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16 February 2022

The right of abode in the UK: what you need to know

The right of abode allows some individuals to move to the UK without needing a visa.
Estimated reading time: 3 minutes
The right of abode UK

Most migrants need a visa to enter the UK. The type of visa they apply for depends on what they intend to do when they arrive, be it to study, work or settle. If a migrant has the right of abode, however, the requirement to obtain a visa does not apply.

What is the right of abode?

The right of abode is a type of UK immigration status. It essentially means that you do not require the same permissions and documents that most migrants do when they enter the UK. People who have the right can also work, study and live in the UK without ever having to apply for a visa. It works similarly to an Indefinite Leave to Remain status, which you can find out more about on our guide to the British citizenship application. 

Who has the right of abode?

Not everyone has the right of abode; it is an uncommon status for people worldwide as there are specific requirements to get it. 

All British citizens have it, as well as specific individuals from Commonwealth countries. Notably, the right of abode does not come with time. This is one of the main differences between the abode and Indefinite Leave to Remain (ILR). ILR is obtained by individuals who live in the UK for an extended period, while the right of abode is a birthright; it is something you have or do not have. 

The right of abode was affected by the British Nationality Act 1981. The act’s introduction meant that, for commonwealth citizens to have the right, they must have been born in the commonwealth before 1983. Furthermore, people who meet this requirement must also have not ceased to be commonwealth citizens in the meantime.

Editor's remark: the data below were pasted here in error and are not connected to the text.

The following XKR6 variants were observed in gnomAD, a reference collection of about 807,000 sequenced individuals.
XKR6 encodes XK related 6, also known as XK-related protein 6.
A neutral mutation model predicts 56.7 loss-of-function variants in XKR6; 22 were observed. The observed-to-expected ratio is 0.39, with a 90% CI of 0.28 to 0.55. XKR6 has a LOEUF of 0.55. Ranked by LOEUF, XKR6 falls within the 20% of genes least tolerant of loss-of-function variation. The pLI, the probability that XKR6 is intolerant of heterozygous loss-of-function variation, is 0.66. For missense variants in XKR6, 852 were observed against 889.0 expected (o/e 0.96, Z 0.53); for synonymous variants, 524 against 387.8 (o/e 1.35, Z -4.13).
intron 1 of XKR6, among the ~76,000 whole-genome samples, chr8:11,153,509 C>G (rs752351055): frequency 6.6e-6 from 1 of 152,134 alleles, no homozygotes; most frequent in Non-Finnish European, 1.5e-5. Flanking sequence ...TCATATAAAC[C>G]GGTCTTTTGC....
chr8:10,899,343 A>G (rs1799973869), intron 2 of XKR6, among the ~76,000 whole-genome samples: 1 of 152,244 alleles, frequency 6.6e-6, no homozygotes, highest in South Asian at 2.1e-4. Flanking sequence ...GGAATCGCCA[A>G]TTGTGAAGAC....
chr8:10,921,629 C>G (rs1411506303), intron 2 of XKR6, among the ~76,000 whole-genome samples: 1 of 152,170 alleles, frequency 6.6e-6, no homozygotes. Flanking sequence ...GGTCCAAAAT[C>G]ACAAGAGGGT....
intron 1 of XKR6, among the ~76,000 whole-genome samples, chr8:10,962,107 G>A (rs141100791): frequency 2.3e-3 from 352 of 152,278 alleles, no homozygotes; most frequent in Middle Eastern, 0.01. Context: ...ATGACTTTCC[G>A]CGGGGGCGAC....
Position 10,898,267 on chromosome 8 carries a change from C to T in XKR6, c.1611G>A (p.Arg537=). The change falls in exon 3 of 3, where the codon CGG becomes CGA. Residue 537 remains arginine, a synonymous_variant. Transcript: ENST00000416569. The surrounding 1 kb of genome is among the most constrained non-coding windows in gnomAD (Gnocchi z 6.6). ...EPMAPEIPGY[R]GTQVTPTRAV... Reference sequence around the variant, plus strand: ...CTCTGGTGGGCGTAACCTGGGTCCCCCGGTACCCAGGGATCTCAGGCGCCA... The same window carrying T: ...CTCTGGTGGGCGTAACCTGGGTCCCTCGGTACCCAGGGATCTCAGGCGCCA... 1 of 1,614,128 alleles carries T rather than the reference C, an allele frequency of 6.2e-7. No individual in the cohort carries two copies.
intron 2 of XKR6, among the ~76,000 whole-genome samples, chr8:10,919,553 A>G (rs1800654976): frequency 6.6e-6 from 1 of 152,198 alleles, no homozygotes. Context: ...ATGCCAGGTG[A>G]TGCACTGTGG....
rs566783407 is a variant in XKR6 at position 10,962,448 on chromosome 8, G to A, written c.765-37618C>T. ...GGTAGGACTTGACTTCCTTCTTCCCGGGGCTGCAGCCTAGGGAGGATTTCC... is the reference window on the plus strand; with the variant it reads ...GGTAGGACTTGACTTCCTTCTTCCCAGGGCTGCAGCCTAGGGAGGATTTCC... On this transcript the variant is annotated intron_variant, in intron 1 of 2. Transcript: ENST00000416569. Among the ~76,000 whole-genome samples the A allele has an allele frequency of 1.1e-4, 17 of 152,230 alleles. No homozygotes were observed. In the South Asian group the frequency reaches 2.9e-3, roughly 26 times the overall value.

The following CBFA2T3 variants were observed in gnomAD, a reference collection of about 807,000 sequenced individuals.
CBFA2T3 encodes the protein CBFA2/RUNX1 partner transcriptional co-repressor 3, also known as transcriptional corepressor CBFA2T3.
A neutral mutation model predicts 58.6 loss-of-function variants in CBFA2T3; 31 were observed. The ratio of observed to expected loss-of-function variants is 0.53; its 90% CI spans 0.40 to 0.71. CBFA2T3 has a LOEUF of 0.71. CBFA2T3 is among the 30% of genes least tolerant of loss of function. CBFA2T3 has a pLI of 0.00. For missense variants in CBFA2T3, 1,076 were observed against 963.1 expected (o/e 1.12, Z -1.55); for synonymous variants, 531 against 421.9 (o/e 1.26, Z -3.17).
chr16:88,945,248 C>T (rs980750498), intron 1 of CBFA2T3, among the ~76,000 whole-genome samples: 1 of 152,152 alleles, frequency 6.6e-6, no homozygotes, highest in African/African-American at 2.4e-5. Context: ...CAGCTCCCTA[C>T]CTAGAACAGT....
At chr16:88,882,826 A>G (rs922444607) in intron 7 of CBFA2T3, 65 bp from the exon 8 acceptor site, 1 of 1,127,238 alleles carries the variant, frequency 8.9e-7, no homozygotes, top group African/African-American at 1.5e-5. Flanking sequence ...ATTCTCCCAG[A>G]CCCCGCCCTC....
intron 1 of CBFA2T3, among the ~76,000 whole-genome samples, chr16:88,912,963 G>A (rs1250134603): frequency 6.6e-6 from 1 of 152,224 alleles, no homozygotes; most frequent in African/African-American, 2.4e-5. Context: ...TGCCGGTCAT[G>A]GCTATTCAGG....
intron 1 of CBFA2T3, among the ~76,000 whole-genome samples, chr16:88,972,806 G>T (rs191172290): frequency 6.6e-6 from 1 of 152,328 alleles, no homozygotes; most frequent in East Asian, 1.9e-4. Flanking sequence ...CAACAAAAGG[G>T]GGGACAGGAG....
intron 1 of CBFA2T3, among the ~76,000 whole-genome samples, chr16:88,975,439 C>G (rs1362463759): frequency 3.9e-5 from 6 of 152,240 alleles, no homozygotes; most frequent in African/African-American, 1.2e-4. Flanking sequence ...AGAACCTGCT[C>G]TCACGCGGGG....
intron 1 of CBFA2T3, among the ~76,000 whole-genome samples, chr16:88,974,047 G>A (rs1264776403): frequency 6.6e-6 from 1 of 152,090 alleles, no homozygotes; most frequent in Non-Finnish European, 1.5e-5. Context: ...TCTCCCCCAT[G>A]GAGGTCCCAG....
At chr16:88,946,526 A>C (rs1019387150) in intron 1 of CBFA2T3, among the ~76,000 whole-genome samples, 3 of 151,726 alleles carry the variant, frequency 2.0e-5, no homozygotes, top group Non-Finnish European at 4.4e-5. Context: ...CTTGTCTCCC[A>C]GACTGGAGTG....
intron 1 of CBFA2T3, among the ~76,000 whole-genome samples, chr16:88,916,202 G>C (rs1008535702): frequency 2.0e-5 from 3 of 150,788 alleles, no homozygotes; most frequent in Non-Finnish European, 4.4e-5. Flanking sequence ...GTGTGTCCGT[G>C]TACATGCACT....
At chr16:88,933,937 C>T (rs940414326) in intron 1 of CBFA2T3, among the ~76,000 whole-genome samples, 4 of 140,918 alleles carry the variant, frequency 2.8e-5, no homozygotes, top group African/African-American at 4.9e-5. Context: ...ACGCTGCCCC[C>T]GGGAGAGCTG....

How do you get it?

Although a birthright, the right of abode still needs to be certified. One of the easiest ways to certify your right is by presenting your passport. The passport must describe you as either a British citizen or a British subject with the right of abode in the UK. 

If you do not have access to a passport that certifies this, then you can apply for something called a Certificate of Entitlement. This can be used for immigration and work purposes and is attached to your passport. If you have the right of abode but cannot prove it, you will be subject to standard immigration control.

Does the right expire?

If you have the UK right of abode, it is valid for life and cannot expire. However, if you have a Certificate of Entitlement and the passport it is attached to expires, the certificate will become invalid. This means you will no longer be able to prove your right and will need to renew your Certificate of Entitlement.

What do you need for your application?

The evidence you need to prove your right of abode depends on your specific circumstances. All applications need to have two photographs of you that were taken less than six months before your application. The other documents you need will be either:

  • Your registration or naturalisation certificate
  • Your full birth certificate.

How much does a Certificate of Entitlement cost?

A certificate of entitlement costs £372 if you apply from inside the UK and £388 from outside the UK. Please note: you are not guaranteed to be granted the certificate, and there are no refunds for unsuccessful applications

How we can help

If you need to apply for a Certificate of Entitlement, then we can help you. Our team of legal experts will provide advice and guide you through the whole process.

We can also assist potential clients who are interested in applying for any kind of UK visa.

We offer a free 10-minute long consultation, after which you can have a longer, paid consultation. 

Contact us

Get in touch with us today for your FREE 10-minute consultation. During this, you can discuss any issues you have with a member of our legal team and see what actions you might be able to take.

Ready for assistance?

If you have any questions, or want to book an appointment with one of our legal experts, contact Woodcock Law today. Call us on +44 (0)20 7712 1705 or email

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